News

University takes lead in pushing for change to national security legislation


22 March 2012

Four University of Sydney researchers appeared before a parliamentary committee in Canberra last night to explain why a draft bill that proposes increased controls over trade in potentially dangerous goods and technologies could have unintended negative impacts for teaching and research in Australian universities.

The draft bill, the Defence Trade Controls Bill 2011 (Cth) has passed through the House of Representatives and is now being considered by the Senate's Foreign Affairs, Defence and Trade Committee.

As drafted, the bill regulates the supply of intangible matters and the provision of services related to items and materials on a 'defence controls list' (but also used in academic teaching and research) to 'foreign persons'. International research collaborations and the education of overseas students could therefore be restricted.

Following two written submissions prepared by the University of Sydney in close collaboration with Universities Australia, the committee invited Sydney academics to Canberra in order to better understand the likely impact of the bill on university education and research.

"While we fully support the importance of safeguarding national and international security by minimising the risk of dangerous goods, technology or related information falling into the wrong hands, we were concerned that as currently drafted the legislation would be likely to hinder the ability of academic staff in Australian universities to pursue normal teaching and research activities," said Deputy Vice-Chancellor (Research) Professor Jill Trewhella, who led the University delegation to appear before the Senate committee.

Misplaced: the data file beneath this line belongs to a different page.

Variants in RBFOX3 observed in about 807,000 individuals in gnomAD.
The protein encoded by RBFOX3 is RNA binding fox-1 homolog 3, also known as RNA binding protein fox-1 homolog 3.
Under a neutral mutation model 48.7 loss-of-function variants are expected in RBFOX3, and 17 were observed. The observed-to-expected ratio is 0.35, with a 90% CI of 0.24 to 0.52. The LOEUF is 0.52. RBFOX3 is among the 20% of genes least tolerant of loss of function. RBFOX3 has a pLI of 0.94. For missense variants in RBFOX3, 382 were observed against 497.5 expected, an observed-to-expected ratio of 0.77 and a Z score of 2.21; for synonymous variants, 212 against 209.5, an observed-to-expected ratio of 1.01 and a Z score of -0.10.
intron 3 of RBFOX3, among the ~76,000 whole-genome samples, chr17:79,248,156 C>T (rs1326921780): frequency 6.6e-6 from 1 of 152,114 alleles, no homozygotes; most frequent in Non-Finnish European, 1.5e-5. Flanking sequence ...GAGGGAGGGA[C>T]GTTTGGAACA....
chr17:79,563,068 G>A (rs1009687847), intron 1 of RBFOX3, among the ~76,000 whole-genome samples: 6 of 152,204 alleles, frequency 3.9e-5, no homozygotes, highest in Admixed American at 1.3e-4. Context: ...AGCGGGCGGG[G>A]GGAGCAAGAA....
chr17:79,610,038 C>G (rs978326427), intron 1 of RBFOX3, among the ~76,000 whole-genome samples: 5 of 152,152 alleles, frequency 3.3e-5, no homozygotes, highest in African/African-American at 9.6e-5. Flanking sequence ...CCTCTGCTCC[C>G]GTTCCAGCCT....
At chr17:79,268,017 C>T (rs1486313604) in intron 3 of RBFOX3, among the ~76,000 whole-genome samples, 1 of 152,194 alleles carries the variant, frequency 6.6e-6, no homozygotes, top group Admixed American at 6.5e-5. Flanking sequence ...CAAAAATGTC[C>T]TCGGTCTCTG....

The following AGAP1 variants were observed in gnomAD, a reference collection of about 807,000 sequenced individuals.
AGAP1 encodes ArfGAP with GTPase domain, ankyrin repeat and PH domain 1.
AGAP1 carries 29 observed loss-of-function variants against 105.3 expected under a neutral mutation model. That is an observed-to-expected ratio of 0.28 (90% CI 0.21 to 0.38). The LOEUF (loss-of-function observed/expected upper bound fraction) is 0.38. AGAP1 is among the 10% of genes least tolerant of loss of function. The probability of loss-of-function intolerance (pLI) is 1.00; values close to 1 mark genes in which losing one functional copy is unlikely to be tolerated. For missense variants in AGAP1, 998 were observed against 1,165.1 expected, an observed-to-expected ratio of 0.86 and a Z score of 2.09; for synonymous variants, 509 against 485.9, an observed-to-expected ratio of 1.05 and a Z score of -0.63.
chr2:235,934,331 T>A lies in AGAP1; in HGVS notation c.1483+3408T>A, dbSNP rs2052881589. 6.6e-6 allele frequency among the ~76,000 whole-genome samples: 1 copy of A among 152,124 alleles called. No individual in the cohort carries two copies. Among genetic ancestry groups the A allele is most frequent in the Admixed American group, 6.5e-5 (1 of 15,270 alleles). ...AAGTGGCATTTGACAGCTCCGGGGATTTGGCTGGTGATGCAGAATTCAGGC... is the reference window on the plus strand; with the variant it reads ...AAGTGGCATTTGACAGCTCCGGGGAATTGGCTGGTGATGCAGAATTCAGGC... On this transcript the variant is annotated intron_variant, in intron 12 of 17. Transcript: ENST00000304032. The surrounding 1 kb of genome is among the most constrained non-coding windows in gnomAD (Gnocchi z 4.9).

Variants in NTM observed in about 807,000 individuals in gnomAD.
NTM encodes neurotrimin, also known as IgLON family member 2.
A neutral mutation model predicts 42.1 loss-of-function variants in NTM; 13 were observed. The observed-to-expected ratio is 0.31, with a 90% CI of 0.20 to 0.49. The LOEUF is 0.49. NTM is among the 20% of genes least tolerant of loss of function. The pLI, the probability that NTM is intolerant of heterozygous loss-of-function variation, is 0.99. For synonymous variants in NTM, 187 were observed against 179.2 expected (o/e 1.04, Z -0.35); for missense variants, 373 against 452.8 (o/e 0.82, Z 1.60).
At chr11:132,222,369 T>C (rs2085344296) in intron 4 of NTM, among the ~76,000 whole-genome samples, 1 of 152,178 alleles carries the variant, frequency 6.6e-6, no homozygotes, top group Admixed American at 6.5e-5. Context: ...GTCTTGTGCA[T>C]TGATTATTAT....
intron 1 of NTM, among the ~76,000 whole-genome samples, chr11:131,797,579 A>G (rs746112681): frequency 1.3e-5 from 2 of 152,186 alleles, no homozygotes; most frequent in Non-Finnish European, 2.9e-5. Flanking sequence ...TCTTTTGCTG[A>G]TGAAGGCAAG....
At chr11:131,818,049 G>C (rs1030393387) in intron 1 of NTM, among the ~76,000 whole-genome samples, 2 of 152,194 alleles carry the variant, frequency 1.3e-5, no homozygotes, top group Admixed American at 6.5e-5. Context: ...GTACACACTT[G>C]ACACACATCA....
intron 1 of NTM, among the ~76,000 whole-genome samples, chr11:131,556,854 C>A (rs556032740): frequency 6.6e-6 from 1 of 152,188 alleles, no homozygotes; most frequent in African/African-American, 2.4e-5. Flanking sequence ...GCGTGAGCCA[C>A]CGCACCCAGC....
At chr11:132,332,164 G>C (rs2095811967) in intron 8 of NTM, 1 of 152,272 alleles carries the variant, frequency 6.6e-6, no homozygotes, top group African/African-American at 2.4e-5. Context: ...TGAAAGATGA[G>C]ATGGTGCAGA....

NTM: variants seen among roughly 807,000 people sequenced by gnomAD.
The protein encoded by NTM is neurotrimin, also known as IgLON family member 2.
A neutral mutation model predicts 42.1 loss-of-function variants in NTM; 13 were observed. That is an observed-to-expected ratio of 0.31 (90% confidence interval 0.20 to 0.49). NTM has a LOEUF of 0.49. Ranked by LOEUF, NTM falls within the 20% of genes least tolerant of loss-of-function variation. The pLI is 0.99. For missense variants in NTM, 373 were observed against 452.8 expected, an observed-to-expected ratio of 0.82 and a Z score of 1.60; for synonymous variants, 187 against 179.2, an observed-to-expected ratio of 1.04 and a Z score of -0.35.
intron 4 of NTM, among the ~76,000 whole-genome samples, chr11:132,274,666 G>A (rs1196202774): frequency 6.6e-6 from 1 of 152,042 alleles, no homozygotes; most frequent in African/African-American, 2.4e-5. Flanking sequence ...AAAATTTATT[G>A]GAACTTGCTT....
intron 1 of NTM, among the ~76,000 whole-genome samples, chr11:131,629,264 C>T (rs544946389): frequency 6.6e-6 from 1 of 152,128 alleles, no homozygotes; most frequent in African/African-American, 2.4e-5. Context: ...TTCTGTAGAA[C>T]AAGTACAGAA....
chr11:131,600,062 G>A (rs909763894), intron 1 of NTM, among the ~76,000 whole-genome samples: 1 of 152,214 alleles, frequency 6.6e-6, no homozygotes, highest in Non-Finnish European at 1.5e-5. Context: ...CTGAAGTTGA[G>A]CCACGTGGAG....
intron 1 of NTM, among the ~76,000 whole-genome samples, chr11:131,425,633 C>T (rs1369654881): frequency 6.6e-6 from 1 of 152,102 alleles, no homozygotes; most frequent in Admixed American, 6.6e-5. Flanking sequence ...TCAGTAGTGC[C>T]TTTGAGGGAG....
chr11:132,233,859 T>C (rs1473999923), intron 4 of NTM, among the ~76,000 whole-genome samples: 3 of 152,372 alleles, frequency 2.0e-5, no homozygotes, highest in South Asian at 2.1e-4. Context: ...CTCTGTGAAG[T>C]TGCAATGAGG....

"We were impressed by the interest shown by the committee in understanding our concerns about the unintended consequences of the legislation, and are delighted that we have now been asked to work closely with the Department of Defence and Universities Australia to find workable solutions. I expect those negotiations will commence within the next week," Professor Trewhella said.

At the request of the committee three academics, Professor Graham Mann (Sydney Medical School), Professor John Canning (School of Chemistry) and Dr Michael Biercuk (School of Physics), provided practical examples of how the bill could negatively affect their research activities (available through the committee's website). Given the committee's tight timeframe for producing its report, the University of Sydney is likely to be the only university that provides oral evidence to the committee.

Professor Mann, Professor Canning and Dr Biercuk elaborated on their written evidence at a late-night hearing at Australian Parliament House yesterday, while Professor Trewhella spoke about her experience dealing with a wide range of national security and research issues during her 20 years in the United States working at Los Alamos National Laboratory.

"It is important the bill strikes an appropriate balance between preventing the misuse of sensitive technology in the interests of national security, and allowing Australian university education and research to prosper," said Professor Trewhella. "It was a terrific response from our staff to put together the team that went to Canberra last night at such short notice to achieve an important outcome that we expect will ensure the public policy intent of this important legislation is served without impeding legitimate academic research and teaching."

Read more about the University's engagement with this process on our Government and higher education website.